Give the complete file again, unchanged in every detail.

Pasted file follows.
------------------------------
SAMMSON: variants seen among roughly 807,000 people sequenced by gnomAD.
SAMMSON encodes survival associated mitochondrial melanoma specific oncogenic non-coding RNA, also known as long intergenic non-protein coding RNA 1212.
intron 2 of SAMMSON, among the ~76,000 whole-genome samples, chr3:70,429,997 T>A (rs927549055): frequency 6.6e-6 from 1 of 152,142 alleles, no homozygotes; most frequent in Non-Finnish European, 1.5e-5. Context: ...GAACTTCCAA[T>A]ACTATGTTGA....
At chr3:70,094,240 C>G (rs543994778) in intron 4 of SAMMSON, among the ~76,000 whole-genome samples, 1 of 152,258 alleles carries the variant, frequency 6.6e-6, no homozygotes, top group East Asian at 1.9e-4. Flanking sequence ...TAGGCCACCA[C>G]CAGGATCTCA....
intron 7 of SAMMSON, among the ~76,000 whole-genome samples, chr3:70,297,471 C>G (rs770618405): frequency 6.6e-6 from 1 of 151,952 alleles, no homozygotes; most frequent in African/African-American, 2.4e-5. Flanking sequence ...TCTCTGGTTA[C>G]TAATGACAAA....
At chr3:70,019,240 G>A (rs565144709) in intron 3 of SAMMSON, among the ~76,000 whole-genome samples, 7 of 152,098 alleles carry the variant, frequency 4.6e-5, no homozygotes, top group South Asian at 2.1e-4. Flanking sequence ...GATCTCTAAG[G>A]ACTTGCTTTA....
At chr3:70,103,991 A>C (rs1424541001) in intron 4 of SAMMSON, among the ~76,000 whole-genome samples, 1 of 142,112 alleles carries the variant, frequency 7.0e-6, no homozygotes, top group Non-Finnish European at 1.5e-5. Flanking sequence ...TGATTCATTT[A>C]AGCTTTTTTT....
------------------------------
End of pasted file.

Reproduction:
SAMMSON: variants seen among roughly 807,000 people sequenced by gnomAD.
SAMMSON encodes survival associated mitochondrial melanoma specific oncogenic non-coding RNA, also known as long intergenic non-protein coding RNA 1212.
intron 2 of SAMMSON, among the ~76,000 whole-genome samples, chr3:70,429,997 T>A (rs927549055): frequency 6.6e-6 from 1 of 152,142 alleles, no homozygotes; most frequent in Non-Finnish European, 1.5e-5. Context: ...GAACTTCCAA[T>A]ACTATGTTGA....
At chr3:70,094,240 C>G (rs543994778) in intron 4 of SAMMSON, among the ~76,000 whole-genome samples, 1 of 152,258 alleles carries the variant, frequency 6.6e-6, no homozygotes, top group East Asian at 1.9e-4. Flanking sequence ...TAGGCCACCA[C>G]CAGGATCTCA....
intron 7 of SAMMSON, among the ~76,000 whole-genome samples, chr3:70,297,471 C>G (rs770618405): frequency 6.6e-6 from 1 of 151,952 alleles, no homozygotes; most frequent in African/African-American, 2.4e-5. Flanking sequence ...TCTCTGGTTA[C>G]TAATGACAAA....
At chr3:70,019,240 G>A (rs565144709) in intron 3 of SAMMSON, among the ~76,000 whole-genome samples, 7 of 152,098 alleles carry the variant, frequency 4.6e-5, no homozygotes, top group South Asian at 2.1e-4. Flanking sequence ...GATCTCTAAG[G>A]ACTTGCTTTA....
At chr3:70,103,991 A>C (rs1424541001) in intron 4 of SAMMSON, among the ~76,000 whole-genome samples, 1 of 142,112 alleles carries the variant, frequency 7.0e-6, no homozygotes, top group Non-Finnish European at 1.5e-5. Flanking sequence ...TGATTCATTT[A>C]AGCTTTTTTT....